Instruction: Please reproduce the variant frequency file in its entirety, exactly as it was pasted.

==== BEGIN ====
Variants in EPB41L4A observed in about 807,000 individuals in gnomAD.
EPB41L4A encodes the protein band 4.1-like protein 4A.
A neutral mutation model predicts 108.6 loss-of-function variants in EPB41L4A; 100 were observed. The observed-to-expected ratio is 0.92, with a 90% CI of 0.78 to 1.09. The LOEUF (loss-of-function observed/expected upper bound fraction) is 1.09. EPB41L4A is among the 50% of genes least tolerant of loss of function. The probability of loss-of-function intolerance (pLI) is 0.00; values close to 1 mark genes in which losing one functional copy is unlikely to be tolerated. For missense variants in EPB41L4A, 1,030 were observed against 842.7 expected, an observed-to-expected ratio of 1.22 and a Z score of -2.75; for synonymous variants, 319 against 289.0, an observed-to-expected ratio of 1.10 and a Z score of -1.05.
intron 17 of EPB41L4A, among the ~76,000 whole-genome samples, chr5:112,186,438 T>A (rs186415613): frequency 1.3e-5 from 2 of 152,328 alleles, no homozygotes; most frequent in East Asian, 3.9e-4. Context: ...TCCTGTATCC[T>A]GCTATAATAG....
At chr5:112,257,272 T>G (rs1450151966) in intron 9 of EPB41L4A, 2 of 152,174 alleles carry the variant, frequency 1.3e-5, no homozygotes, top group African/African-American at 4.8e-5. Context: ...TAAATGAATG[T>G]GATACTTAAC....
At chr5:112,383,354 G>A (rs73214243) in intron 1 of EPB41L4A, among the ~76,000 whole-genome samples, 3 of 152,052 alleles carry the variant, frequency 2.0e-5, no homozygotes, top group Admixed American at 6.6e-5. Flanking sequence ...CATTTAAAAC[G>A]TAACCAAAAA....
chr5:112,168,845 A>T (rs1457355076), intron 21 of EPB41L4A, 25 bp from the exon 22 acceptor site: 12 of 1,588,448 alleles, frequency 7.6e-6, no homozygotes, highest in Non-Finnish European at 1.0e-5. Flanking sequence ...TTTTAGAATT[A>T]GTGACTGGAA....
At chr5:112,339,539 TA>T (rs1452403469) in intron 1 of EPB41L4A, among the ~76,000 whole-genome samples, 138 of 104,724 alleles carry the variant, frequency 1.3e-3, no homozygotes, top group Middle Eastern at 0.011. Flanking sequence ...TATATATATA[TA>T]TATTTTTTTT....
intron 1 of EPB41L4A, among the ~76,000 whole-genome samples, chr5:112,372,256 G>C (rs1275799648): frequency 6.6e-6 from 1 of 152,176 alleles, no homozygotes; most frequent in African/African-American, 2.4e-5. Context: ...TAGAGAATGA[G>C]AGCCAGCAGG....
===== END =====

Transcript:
Variants in EPB41L4A observed in about 807,000 individuals in gnomAD.
EPB41L4A encodes the protein band 4.1-like protein 4A.
A neutral mutation model predicts 108.6 loss-of-function variants in EPB41L4A; 100 were observed. The observed-to-expected ratio is 0.92, with a 90% CI of 0.78 to 1.09. The LOEUF (loss-of-function observed/expected upper bound fraction) is 1.09. EPB41L4A is among the 50% of genes least tolerant of loss of function. The probability of loss-of-function intolerance (pLI) is 0.00; values close to 1 mark genes in which losing one functional copy is unlikely to be tolerated. For missense variants in EPB41L4A, 1,030 were observed against 842.7 expected, an observed-to-expected ratio of 1.22 and a Z score of -2.75; for synonymous variants, 319 against 289.0, an observed-to-expected ratio of 1.10 and a Z score of -1.05.
intron 17 of EPB41L4A, among the ~76,000 whole-genome samples, chr5:112,186,438 T>A (rs186415613): frequency 1.3e-5 from 2 of 152,328 alleles, no homozygotes; most frequent in East Asian, 3.9e-4. Context: ...TCCTGTATCC[T>A]GCTATAATAG....
At chr5:112,257,272 T>G (rs1450151966) in intron 9 of EPB41L4A, 2 of 152,174 alleles carry the variant, frequency 1.3e-5, no homozygotes, top group African/African-American at 4.8e-5. Context: ...TAAATGAATG[T>G]GATACTTAAC....
At chr5:112,383,354 G>A (rs73214243) in intron 1 of EPB41L4A, among the ~76,000 whole-genome samples, 3 of 152,052 alleles carry the variant, frequency 2.0e-5, no homozygotes, top group Admixed American at 6.6e-5. Flanking sequence ...CATTTAAAAC[G>A]TAACCAAAAA....
chr5:112,168,845 A>T (rs1457355076), intron 21 of EPB41L4A, 25 bp from the exon 22 acceptor site: 12 of 1,588,448 alleles, frequency 7.6e-6, no homozygotes, highest in Non-Finnish European at 1.0e-5. Flanking sequence ...TTTTAGAATT[A>T]GTGACTGGAA....
At chr5:112,339,539 TA>T (rs1452403469) in intron 1 of EPB41L4A, among the ~76,000 whole-genome samples, 138 of 104,724 alleles carry the variant, frequency 1.3e-3, no homozygotes, top group Middle Eastern at 0.011. Flanking sequence ...TATATATATA[TA>T]TATTTTTTTT....
intron 1 of EPB41L4A, among the ~76,000 whole-genome samples, chr5:112,372,256 G>C (rs1275799648): frequency 6.6e-6 from 1 of 152,176 alleles, no homozygotes; most frequent in African/African-American, 2.4e-5. Context: ...TAGAGAATGA[G>C]AGCCAGCAGG....